Okja: How a CGI Pig is Fighting Corporate Capitalism

Nathan Le Master July 3, 2017 Don’t watch sausages being made if you want to keep sausages in your diet. Don’t watch behind-the-scenes politics, if you really want to know how governments are run. Otto van Bismarck didn’t include capitalism in his cautions, but it’s definitely something that’s best left un-looked at, unless you’re mentally ready for a bit of despairing. And while rolled sausage … Continue reading Okja: How a CGI Pig is Fighting Corporate Capitalism

Luis Buñuel: Exuberant Contradictions

Alex Berg June 30, 2017 “Buñuel nearly always made Buñuel films.” – Ingmar Bergman “Buñuel is the bearer, above all else, of poetic consciousness. He knows that aesthetic structure has no need of manifestos, that the power of art does not lie there but in emotional persuasiveness.” – Andrey Tarkovsky Luis Buñuel is as old as cinema itself. He was an icon of international filmmaking. … Continue reading Luis Buñuel: Exuberant Contradictions

Review: T2 Trainspotting

Alex Berg March 25, 2017 Choose life. Choose a movie. Choose a sequel. Choose an inexplicable Terminator reference for a title. Choose a mid-life crisis. Choose nostalgia. Choose a half-baked screenplay. Choose style over substance. Choose garish cinematography. Choose terrible remixes of iconic songs. Choose imposing plot on a story that does not require one. Choose tonal inconsistency. Choose wasting a good cast. Choose two … Continue reading Review: T2 Trainspotting

Lars and the Real Girl: The Role of Unreal Girls in Cinema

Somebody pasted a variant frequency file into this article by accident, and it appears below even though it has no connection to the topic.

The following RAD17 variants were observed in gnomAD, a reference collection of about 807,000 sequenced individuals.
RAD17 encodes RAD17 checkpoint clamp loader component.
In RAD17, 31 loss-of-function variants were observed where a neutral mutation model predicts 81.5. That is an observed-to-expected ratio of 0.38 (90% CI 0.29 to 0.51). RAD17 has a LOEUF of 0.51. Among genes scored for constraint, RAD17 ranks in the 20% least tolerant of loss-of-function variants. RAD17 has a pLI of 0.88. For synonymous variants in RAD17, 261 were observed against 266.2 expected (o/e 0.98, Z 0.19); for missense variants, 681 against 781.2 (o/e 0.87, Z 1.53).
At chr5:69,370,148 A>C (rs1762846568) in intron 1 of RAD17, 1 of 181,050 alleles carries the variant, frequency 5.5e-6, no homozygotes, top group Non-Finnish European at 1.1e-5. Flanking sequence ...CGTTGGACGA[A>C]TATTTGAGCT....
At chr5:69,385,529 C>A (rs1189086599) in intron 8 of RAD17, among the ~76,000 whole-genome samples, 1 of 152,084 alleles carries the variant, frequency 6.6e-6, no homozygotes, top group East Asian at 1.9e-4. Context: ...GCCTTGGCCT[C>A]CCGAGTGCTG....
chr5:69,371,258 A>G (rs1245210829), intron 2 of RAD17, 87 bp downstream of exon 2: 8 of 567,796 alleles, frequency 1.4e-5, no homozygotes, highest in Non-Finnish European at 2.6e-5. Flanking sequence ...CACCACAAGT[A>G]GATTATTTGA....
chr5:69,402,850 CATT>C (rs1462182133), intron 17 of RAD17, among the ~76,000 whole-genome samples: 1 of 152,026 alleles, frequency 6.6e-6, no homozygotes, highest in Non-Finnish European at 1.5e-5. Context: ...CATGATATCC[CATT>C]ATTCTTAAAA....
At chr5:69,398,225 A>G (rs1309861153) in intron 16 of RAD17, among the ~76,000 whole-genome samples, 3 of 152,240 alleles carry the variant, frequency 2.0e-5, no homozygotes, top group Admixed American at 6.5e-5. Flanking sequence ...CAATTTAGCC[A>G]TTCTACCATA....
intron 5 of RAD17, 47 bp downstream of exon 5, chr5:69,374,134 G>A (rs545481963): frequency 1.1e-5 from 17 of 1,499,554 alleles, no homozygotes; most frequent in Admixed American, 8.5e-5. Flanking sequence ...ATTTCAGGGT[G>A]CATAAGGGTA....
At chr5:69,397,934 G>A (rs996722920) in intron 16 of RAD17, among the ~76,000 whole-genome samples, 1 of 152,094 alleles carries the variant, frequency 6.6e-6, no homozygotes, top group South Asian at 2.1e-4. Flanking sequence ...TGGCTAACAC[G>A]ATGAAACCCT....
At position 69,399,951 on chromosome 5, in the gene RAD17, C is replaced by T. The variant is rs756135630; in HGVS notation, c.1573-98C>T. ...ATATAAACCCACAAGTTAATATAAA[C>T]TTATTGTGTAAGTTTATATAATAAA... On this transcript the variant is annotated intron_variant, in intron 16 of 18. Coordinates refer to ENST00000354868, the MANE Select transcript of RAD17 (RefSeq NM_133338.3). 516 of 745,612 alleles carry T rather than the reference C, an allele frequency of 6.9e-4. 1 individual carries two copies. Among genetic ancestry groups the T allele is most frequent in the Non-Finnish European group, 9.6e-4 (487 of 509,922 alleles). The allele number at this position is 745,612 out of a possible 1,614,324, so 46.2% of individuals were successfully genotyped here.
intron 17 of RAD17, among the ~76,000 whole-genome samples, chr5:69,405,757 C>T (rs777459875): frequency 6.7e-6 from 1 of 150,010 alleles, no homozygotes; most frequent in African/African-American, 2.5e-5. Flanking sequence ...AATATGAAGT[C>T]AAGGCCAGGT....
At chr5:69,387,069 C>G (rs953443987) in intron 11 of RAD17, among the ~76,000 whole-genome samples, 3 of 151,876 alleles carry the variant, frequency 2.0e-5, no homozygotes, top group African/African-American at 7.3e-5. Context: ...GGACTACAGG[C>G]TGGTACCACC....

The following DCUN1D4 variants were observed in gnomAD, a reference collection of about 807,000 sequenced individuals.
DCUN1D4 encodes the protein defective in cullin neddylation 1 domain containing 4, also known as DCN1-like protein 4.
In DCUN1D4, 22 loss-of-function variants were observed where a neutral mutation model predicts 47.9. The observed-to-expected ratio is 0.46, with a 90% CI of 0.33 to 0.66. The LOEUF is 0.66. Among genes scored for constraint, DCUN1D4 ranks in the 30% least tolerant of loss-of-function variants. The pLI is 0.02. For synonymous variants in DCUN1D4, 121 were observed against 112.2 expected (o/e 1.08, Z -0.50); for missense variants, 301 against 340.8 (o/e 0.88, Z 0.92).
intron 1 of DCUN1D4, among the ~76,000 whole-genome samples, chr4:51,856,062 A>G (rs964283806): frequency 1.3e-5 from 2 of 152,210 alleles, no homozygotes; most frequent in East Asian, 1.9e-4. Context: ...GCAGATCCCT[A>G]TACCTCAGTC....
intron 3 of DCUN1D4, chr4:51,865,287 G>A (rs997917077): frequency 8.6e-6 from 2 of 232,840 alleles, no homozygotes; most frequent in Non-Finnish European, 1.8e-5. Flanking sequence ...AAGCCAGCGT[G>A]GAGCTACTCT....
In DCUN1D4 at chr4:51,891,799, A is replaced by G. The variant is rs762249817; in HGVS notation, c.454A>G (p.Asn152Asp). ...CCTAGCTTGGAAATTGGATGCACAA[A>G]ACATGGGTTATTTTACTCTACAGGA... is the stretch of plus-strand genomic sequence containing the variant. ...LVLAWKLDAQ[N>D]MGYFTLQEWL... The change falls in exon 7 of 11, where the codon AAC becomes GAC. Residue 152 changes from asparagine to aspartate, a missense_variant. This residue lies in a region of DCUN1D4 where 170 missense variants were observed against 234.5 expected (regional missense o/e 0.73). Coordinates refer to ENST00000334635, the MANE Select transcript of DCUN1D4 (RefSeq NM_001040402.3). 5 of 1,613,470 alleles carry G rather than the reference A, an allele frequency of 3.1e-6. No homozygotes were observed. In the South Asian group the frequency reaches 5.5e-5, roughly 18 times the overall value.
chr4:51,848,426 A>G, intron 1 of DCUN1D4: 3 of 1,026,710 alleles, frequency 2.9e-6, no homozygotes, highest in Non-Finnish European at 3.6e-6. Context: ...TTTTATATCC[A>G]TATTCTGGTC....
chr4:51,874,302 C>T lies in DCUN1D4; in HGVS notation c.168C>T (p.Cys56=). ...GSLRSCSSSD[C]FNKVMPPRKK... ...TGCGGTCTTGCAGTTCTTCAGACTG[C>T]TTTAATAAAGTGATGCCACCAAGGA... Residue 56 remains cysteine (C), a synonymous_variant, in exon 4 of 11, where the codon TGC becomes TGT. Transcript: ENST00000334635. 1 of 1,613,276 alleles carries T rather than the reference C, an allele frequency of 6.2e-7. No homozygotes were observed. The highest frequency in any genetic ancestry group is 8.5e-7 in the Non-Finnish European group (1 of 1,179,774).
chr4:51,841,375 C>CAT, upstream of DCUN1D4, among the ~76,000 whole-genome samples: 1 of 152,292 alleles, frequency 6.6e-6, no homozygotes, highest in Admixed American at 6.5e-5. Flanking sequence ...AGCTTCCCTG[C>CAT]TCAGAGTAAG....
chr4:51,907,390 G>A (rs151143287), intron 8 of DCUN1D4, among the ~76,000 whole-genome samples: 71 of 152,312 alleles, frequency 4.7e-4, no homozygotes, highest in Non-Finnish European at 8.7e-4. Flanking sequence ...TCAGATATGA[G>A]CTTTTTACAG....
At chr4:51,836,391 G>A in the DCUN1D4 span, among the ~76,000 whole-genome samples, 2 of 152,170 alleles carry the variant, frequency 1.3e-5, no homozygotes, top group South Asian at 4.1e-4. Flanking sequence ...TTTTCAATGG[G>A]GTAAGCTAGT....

Deviating a bit from his role as suave, blue-collar Southernern, Noah Calhoun, in the The Notebook, Ryan Gosling strips off his masculine confidence to play agoraphobic Lars in one of his lesser known works, Craig Gillespie’s 2007 film, Lars and The Real Girl. Situated in a rural Midwestern town, Lars lives in sad mediocrity, working a nameless white collar job, and living in the garage … Continue reading Lars and the Real Girl: The Role of Unreal Girls in Cinema

Son of Saul: Defending Irrationality

Nathan Le Master May 21, 2016 Until I saw László Nemes’ Oscar winner, Son of Saul, my favorite Holocaust films were Schindler’s List and Life is Beautiful. In the characters of Oskar Schindler and the fictional Guido, we’re given stories that are tragically sentimental, bearing testimony to the beauty of resistance against an absolutely evil oppressor. Turning on Son of Saul, I anticipated a similar … Continue reading Son of Saul: Defending Irrationality

The Green Inferno: A Critique of Millennials

It’s not news that Americans have a poor reputation abroad. We’re viewed as stupid, naive, and arrogant. Not the best self-image to have. Movies have responded by turning us into a trope. The silly Americans overseas. Think of the fat family in In Bruges. Or worse, National Lampoon’s European Vacation. Or Brian Mill’s daughter in Taken, who can’t seem to not get taken. All of … Continue reading The Green Inferno: A Critique of Millennials

Nightcrawler: A Portrait of an Angelino

Taking place on the streets of LA, Dan Gilroy’s neo-noir film, Nightcrawler, feels germane to the NYC crime movies like Taxi Driver and Mean Streets. But while Scorcese’s films strove to capture the perception and reality of a seedy 1970s New York, Gilroy’s Nightcrawler depicts LA, not as it’s perceived in 2014–with it’s sun-kissed beaches, yoga studios, and Kardashian gaudiness–but as an underworld of blackmail, … Continue reading Nightcrawler: A Portrait of an Angelino